. Space Travel News .

Final checks for first Soyuz launch from Kourou
by Staff Writers
Kourou, French Guiana (AFP) Oct 20, 2011

Launch directors on Thursday were running through the last checks for the maiden liftoff of Soyuz, the legendary Soviet-Russian rocket, from Europe's base in French Guiana.

Soyuz is due to lift off at 7:34 a.m. (1034 GMT) on Thursday, carrying the first satellites in the Galileo project, Europe's 5.4-billion-euro (7.2-billion-dollar) answer to the US Global Positioning System (GPS).

The rocket's heritage can be traced to the dawn of the space race in 1957 with the launch of Sputnik. All told, its family has notched up 1,776 launches, with a success rate of more than 94 percent.

From Kourou, Soyuz will be able to hoist 2.8 tonnes into geostationary transfer orbit, compared with 1.7 tonnes from Baikonur. The big difference in payload is explained by the extra push given by Earth's rotation at the Equator.

The first operational Galileo satellites, with a payload of 1.58 tonnes, will be placed in a circular orbit at an altitude of more than 23,000 kilometres (14,000 miles).

After a nine minute, 20 second flight that will see the rocket's three lower stages burn their fuel and fall away one by one, the "Fregat" upper stage should light up to take the satellites on their final leg, due to last three hours, 20 minutes.

Thursday's launch is the first under a 2003 deal to deploy the rocket beyond its bases in Plesetsk, in northern Russia, and Baikonur, in Kazakhstan.

The contract is designed to bring in revenue for Russia's space industry and provide a dependable medium-weight lifter for satellite launch operator Arianespace alongside the heavy Ariane 5, and a future lightweight rocket, the Vega.

Soyuz so far has orders for 14 launches from Kourou. Next year, it will take up the next two satellites in the Galileo constellation, which will comprise 30 satellites -- 27 in operation and three spares -- when it is completed in 2020.

Galileo should be accurate to within a metre (3.25 feet), whereas the US Global Positioning System (GPS), which became operational in 1995 and is being upgraded, is currently accurate to between three and eight metres (10 and 26 feet), according to official websites.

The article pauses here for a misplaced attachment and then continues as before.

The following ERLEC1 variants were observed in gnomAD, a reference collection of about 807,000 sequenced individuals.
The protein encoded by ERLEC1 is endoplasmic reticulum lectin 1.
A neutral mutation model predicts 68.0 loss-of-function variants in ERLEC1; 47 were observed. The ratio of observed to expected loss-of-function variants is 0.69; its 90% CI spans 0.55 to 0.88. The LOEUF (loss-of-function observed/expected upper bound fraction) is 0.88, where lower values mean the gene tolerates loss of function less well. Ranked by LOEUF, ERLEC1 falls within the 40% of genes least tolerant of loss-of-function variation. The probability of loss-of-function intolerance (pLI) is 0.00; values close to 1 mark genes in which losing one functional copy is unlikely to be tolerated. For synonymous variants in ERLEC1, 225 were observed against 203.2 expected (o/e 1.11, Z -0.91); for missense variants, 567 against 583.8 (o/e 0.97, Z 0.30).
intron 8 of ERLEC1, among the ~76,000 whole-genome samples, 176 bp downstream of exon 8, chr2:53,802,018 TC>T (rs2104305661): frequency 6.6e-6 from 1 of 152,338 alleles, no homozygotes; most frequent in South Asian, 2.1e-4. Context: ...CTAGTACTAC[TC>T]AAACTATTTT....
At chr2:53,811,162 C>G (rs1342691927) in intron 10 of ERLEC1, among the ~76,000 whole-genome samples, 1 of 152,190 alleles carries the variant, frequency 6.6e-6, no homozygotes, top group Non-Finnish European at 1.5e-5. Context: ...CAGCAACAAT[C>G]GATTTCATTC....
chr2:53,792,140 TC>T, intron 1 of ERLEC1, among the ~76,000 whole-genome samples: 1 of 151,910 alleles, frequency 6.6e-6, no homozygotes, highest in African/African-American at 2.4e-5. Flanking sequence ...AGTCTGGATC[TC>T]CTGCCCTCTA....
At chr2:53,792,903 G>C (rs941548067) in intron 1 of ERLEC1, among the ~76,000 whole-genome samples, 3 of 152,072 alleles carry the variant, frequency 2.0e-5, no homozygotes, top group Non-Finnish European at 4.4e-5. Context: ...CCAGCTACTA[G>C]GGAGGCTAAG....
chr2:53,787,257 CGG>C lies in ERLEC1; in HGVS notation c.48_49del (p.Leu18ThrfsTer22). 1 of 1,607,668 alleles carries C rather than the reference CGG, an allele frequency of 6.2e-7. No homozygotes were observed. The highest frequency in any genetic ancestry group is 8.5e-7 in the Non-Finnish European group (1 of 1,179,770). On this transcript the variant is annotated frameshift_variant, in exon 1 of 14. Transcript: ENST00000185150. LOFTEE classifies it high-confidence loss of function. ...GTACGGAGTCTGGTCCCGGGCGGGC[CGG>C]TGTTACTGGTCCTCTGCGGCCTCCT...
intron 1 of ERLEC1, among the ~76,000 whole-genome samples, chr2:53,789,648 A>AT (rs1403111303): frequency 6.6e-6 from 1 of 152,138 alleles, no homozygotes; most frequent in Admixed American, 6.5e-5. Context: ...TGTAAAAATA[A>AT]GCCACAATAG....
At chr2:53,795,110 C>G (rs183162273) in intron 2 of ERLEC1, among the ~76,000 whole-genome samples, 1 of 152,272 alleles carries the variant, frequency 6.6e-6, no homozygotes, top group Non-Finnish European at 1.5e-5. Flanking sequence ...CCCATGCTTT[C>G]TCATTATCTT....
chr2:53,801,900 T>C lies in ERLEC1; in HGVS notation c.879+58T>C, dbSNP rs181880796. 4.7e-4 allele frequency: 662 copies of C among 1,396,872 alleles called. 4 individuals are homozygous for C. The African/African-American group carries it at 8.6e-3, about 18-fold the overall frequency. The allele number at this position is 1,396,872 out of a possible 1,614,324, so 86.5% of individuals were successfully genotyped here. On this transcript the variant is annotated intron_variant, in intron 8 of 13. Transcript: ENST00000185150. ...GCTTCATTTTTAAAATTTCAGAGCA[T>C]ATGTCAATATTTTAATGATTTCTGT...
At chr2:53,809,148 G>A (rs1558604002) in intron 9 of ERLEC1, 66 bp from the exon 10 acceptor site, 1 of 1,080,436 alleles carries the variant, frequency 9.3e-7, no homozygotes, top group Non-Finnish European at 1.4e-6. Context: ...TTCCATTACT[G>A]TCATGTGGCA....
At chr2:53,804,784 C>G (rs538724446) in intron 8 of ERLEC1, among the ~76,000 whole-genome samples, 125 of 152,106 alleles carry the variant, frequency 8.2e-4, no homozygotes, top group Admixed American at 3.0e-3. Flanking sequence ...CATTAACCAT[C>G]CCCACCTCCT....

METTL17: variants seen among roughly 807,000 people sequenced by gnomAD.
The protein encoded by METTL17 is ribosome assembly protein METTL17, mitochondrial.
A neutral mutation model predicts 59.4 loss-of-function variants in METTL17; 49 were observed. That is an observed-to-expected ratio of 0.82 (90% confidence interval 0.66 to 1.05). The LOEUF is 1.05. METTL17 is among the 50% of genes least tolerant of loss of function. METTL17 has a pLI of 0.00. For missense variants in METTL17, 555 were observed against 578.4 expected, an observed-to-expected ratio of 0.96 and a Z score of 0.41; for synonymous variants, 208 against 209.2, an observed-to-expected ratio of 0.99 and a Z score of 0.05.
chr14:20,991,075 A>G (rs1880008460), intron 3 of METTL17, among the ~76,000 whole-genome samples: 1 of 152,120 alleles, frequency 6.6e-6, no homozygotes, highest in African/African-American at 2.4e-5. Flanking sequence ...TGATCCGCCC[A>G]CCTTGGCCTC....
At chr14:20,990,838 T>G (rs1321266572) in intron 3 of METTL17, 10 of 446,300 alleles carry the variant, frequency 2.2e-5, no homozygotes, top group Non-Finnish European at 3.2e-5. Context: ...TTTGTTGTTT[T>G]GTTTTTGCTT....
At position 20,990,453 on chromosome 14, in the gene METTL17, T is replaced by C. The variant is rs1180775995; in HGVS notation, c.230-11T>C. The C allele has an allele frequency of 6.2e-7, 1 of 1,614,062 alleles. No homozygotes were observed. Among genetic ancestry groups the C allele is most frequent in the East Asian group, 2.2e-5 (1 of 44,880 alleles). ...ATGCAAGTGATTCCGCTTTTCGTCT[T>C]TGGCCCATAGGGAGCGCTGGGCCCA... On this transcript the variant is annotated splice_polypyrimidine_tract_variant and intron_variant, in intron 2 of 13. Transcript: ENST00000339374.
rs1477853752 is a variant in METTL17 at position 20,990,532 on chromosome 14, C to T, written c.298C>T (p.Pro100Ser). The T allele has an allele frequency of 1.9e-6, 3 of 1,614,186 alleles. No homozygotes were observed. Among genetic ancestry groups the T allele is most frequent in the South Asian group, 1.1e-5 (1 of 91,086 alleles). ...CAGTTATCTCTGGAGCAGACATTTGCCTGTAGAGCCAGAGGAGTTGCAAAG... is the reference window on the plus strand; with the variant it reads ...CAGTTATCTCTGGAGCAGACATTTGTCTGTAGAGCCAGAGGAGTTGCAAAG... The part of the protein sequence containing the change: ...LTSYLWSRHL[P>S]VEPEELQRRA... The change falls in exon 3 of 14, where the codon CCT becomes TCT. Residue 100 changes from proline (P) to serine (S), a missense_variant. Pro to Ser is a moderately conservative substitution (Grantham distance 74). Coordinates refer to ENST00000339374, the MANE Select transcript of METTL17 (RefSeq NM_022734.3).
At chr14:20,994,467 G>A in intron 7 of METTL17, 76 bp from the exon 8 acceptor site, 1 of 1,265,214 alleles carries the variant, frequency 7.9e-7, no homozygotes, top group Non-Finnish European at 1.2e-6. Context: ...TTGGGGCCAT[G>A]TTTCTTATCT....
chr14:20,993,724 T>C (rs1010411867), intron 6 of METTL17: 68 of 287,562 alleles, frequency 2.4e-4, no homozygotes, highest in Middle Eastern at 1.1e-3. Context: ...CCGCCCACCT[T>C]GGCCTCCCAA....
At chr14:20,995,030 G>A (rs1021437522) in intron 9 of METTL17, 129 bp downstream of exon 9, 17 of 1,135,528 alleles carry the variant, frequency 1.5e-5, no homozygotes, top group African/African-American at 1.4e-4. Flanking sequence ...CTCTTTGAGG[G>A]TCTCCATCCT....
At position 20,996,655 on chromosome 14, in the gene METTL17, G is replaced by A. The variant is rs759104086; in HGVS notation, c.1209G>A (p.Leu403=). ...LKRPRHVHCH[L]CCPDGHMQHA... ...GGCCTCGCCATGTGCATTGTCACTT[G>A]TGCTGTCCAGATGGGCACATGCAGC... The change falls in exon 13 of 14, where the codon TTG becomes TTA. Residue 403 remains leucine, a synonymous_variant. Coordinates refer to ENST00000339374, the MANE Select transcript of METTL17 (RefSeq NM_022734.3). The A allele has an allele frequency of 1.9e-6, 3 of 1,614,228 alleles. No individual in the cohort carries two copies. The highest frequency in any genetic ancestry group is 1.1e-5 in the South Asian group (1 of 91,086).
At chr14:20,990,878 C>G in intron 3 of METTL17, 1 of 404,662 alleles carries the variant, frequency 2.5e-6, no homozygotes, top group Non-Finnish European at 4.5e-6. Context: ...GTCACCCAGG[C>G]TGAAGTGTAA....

A site has been specially built for Soyuz 12 kilometres (eight miles) from the Ariane launchpad here. It includes a 52-metre (169-feet) -high gantry and the ability to be adapted for human spaceflight if need be.

The European Space Agency (ESA) is screening the launch live from 0930 GMT (http://www.esa.int/esaCP/SEMZOFFURTG_index_0.html).

Related Links
Launch Pad at Space-Travel.com

Get Our Free Newsletters Via Email
Buy Advertising Editorial Enquiries


. Comment on this article via your Facebook, Yahoo, AOL, Hotmail login.

Share this article via these popular social media networks
del.icio.usdel.icio.us DiggDigg RedditReddit GoogleGoogle

Russia blames scientists for rocket crashes
Moscow (AFP) Oct 18, 2011
Russia's chief prosecutor on Tuesday blamed a recent spate of disasters threatening the future of the International Space Station (ISS) on negligence by the country's underpaid rocket scientists. A probe into the August 24 crash of the unmanned Progress cargo ship and an August 18 error that put Russia's biggest satellite in the wrong orbit blamed both mishaps on the state-run Roskosmos spac ... read more

SpaceX Completes Key Milestone to Fly Astronauts to International Space Station

Europe delays maiden launch of Soyuz with sat-nav payload

ILS Proton Launches ViaSat-1 for ViaSat

Final checks for first Soyuz launch from Kourou

Scientists develope new way to determine when water was present on Mars and Earth

Mars Rover Carries Device for Underground Scouting

Mars Landing-Site Specialist

New Mystery on Mars's Forgotten Plains

Lunar Probe to search for water on Moon

Subtly Shaded Map of Moon Reveals Titanium Treasure Troves

NASA's Moon Twins Going Their Own Way

Titanium treasure found on Moon

Dwarf planet may not be bigger than Pluto

Series of bumps sent Uranus into its sideways spin

Mission to Mysterious Uranus

Spinning hourglass object may be the first of many to be discovered in the Kuiper belt

NASA's Spitzer Detects Comet Storm In Nearby Solar System

Photo Reveals Planet-Size Object as Cool as Earth

Spiral Arms Point to Possible Planets in a Star's Dusty Disk

UChicago launches search for distant worlds

The Spark Of A New Era Was A Blast For Rocket Science

Caltech Event Marks 75th Anniversary of JPL Rocket Tests

Russia puts new Rus-M carrier rocket project on hold

Russia to abandon rocket booster work

China's first space lab module in good condition

Takeoff For Tiangong

Snafu as China space launch set to US patriotic song

Civilians given chance to reach for the stars

Formation of Scheila's Triple Dust Tails Explained

NASA's Dawn Science Team Presents Early Science Results

Amateur skywatchers help space hazards team

New View of Vesta Mountain From NASA's Dawn Mission


The content herein, unless otherwise known to be public domain, are Copyright 1995-2011 - Space Media Network. AFP and UPI Wire Stories are copyright Agence France-Presse and United Press International. ESA Portal Reports are copyright European Space Agency. All NASA sourced material is public domain. Additional copyrights may apply in whole or part to other bona fide parties. Advertising does not imply endorsement,agreement or approval of any opinions, statements or information provided by Space Media Network on any Web page published or hosted by Space Media Network. Privacy Statement